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How to buy the best greenhouse

Greenhouse features & accessories

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Greenhouse features & accessories

Find out more about all the key features and accessories you'll need to get the most from your greenhouse in this expert guide.

Our advice is to step inside different makes of erected greenhouses at showrooms and garden shows to get a feel for them. The key features to consider are:

  • the amount of ventilation
  • how easy the frame and glazing will be to clean
  • the specification 
  • the design. 

Accessories such as staging and shading are also worth your time to consider, as they make all the difference to how well your greenhouse works day to day.

Discover which are the best and worst greenhouse brands.

Greenhouse vents

You will need at least two vents in the roof and one at the side to give a good flow of air. The number of vents depends on the size of the greenhouse, but consider paying extra for additional ones. An automatic vent-opener is a feature well worth paying for; it contains a cylinder of wax that expands and opens in heat, then closes when cooler so you're reliant on being there to open and shut the vents as the temperature changes so your plants are less likely to be chilled or cooked.

Internal height 

Anyone who will be using the greenhouse should make sure they can get in and out of the door easily and that the space feels comfortable once inside (low greenhouses can feel claustrophobic).

Good design

Look at how the panes of glass fit into the frame: do the panes overlap? (which makes cleaning difficult). How sturdy is the door? These are all points worth checking before you buy your greenhouse.

Shelving or staging

Greenhouse shelving, also known as staging, will display plants and provide a surface for you to sow seeds, take cuttings etc. Slatted staging is good for letting light through the lower shelves and can encourage good air circulation which can reduce the risk of fungal diseases. Solid staging is needed if you want pots to sit on capillary matting to make watering easier. 

You can either buy it at the same time that you buy your greenhouse or get it later on. Both wooden and aluminium staging is available so you can get the same type as the greenhouse frame. The alternative is to make your own staging or adapt existing furniture such as shoe racks.

Staging that is easily removed can be useful if you plan to use the floor space later in the season for growing plants in pots or growing bags.


Greenhouses can get very hot in summer so shading is important to help keep things cooler. Shading blinds or netting can be fitted outside or inside the greenhouse or you paint on a white shading wash, which looks a bit unsightly in the summer but soon washes off. If you choose to use shading netting, you can use drawing pins to fix it to a wooden frame or special fixings if you have an aluminium frame.

Heated propagator or heated pad

Many seeds and cuttings benefit from some extra heat. A heated propagator is a useful way of providing this and you can get models of different sizes depending on how many pots or trays you want to put in. The clear propagator lid helps to retain the warmth and maintain a damp atmosphere for your plants. Look for a model with a thermostat as this will allow you to preset the temperature you would like.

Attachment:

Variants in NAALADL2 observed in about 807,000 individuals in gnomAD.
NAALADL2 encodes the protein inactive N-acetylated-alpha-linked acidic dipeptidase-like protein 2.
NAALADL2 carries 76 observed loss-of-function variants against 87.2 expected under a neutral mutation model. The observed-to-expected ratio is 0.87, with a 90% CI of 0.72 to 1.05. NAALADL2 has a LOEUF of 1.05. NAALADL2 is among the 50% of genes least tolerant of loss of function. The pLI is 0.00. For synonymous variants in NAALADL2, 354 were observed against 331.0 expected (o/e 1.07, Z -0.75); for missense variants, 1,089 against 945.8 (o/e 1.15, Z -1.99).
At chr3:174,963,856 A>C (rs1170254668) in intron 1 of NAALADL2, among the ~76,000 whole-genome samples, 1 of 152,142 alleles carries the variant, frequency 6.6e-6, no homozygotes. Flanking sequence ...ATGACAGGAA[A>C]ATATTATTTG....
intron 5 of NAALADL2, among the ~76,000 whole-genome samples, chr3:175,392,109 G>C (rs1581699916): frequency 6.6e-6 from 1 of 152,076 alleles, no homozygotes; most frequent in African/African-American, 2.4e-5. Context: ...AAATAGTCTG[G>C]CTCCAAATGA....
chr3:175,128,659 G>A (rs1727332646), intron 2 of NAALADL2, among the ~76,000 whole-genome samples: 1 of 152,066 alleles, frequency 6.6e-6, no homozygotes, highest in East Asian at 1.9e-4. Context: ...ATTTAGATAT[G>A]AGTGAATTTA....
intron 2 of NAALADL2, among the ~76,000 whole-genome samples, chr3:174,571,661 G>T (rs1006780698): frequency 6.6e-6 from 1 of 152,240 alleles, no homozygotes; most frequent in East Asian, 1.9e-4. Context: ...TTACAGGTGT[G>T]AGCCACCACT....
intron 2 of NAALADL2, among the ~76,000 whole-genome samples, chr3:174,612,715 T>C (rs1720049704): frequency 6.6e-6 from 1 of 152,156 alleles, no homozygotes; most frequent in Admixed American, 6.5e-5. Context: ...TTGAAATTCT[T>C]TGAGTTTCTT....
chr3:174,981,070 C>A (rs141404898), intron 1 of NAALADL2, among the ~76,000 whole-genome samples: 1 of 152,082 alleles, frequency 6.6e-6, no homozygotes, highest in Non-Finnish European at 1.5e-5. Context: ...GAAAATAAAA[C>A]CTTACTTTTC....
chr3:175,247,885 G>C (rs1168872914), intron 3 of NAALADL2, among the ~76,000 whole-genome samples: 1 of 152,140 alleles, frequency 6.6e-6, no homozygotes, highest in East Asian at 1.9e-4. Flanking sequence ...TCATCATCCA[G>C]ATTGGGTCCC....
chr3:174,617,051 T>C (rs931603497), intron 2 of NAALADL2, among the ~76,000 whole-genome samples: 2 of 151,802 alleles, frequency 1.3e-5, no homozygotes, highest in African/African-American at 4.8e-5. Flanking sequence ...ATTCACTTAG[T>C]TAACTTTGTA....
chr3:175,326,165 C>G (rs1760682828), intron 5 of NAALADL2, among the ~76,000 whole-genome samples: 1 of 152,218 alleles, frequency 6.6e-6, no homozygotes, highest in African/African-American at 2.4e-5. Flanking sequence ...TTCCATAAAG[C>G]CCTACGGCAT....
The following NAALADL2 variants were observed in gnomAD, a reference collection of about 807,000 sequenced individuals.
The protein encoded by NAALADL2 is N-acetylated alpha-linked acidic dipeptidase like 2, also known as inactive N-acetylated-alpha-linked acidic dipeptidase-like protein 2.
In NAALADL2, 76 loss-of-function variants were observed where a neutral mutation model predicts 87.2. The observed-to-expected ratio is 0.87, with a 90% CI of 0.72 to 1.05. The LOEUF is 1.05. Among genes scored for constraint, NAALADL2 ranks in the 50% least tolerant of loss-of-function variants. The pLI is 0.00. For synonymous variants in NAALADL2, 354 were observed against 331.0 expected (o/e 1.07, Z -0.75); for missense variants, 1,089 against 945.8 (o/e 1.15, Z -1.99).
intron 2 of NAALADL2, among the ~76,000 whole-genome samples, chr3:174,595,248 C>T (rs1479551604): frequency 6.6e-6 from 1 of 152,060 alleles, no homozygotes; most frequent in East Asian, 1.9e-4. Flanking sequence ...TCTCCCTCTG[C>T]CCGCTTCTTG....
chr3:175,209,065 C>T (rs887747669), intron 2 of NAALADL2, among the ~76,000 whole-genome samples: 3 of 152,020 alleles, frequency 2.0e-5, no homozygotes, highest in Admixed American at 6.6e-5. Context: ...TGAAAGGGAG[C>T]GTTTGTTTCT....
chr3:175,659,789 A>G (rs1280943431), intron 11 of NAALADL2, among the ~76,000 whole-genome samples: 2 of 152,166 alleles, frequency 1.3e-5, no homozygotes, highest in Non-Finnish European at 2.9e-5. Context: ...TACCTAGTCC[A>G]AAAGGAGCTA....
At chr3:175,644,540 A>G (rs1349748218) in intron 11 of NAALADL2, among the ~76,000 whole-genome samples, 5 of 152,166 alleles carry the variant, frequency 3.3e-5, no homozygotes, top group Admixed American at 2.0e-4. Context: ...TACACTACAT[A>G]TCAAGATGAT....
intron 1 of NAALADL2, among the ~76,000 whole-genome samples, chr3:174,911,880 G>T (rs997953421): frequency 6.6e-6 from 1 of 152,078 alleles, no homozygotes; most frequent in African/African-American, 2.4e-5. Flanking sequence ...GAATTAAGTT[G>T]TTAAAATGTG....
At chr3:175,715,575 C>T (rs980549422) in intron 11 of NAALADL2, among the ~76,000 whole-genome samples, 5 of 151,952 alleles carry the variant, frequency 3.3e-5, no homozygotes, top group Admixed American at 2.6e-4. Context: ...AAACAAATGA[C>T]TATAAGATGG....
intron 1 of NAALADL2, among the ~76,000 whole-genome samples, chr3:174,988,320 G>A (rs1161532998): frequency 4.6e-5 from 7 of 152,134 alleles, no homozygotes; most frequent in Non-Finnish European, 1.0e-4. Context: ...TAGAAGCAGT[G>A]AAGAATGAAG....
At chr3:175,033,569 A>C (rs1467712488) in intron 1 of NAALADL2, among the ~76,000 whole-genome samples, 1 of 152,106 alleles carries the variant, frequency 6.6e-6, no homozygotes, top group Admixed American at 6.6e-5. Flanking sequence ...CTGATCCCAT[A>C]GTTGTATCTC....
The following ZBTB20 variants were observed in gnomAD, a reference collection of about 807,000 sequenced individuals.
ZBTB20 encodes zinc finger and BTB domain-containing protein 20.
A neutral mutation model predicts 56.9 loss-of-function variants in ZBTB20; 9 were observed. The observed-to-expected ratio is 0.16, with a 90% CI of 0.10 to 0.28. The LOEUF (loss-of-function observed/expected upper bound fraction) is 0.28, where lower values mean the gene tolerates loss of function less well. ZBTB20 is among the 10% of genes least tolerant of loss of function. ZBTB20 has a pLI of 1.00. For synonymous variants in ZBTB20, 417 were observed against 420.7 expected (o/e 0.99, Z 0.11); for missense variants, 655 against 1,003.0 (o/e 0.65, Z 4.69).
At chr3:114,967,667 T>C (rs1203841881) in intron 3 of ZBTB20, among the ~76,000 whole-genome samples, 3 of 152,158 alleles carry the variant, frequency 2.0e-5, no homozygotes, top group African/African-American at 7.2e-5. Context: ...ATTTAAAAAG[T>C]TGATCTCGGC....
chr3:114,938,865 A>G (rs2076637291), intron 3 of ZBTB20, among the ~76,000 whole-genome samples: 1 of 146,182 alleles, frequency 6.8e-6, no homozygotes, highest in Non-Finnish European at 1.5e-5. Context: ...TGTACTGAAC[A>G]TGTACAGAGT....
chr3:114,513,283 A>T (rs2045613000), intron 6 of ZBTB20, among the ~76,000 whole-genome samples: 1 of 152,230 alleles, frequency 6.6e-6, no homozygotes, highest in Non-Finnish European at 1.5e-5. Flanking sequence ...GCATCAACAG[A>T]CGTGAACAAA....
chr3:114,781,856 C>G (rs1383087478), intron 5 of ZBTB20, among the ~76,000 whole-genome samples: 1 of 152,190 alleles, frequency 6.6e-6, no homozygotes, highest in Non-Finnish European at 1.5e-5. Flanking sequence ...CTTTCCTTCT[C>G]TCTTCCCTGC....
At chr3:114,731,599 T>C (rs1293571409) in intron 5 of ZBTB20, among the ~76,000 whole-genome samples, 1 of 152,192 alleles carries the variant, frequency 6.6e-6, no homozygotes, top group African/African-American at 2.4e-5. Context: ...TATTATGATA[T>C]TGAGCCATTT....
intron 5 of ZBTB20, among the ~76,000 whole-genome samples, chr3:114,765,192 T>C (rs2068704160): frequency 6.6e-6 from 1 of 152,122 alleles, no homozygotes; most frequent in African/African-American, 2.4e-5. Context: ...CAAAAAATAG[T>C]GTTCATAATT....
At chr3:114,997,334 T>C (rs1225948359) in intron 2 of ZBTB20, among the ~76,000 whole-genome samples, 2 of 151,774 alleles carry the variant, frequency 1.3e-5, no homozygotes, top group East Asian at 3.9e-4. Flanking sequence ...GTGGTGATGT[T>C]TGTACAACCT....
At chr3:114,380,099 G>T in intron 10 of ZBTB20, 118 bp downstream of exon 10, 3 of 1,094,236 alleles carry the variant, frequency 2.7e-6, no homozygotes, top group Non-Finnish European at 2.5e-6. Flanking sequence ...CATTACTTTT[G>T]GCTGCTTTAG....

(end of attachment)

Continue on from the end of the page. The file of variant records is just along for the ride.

An alternative to a heated propagator is a heated pad or a sand bench with heated cables. These usually provide a larger area than a traditional propagator.

Whichever you choose, you'll need an outdoor socket with an RCD to provide the power needed to run them.

Min/Max thermometer

Keeping an eye on the temperature of the greenhouse will help you ensure your plants aren't getting chilled or cooked. A min/max thermometer will record both the lowest and highest temperatures as well as displaying the current temperature. You can choose from traditional models that sit in the greenhouse or battery-powered ones with a remote sensor whose readings you can view from the comfort of your house.

Propagating material

If you're planning to raise plants in your greenhouse, you'll need a selection of trays and pots to grow them in. Modular trays have individual compartments for a number of plants within the same tray and help to avoid root disturbance when you take the plants out. If you're concerned about using plastic, either look for recycled pots (many garden centres offer these) or use a soil-block maker which creates blocks of compost to grow your plants in.

Clean labels are invaluable for identifying what you're growing. These can be cleaned with wirewool or sandpaper at the end of the season so they can be reused. A pencil is the simplest way of marking them.

A potting tray is a useful accessory as you can stand trays and pots in it while filling them with compost and then simply tip the excess compost back into the bag so it's not wasted.

We'd always recommend that you use a Best Buy compost.


Plants in a greenhouse can dry out surprisingly quickly so you may wish to install an irrigation system to keep them watered while you're out. You can run these from the mains or from a water butt using a water-butt pump to move the water. Adding a watering timer/computer will allow you to set the water to switch on and off without you needing to be there.

Alternatively you may prefer to use self-watering pots with a water reservoir such as Duogrow tomato pots. Another option is capillary matting, which will absorb water when you wet it and gradually release it to plants so can help keep plants on staging moist. You'll need a solid base under it though. 

A good tip is to fill watering cans in the morning and leave them in the greenhouse to warm the water during the day so the temperature doesn't shock the plants.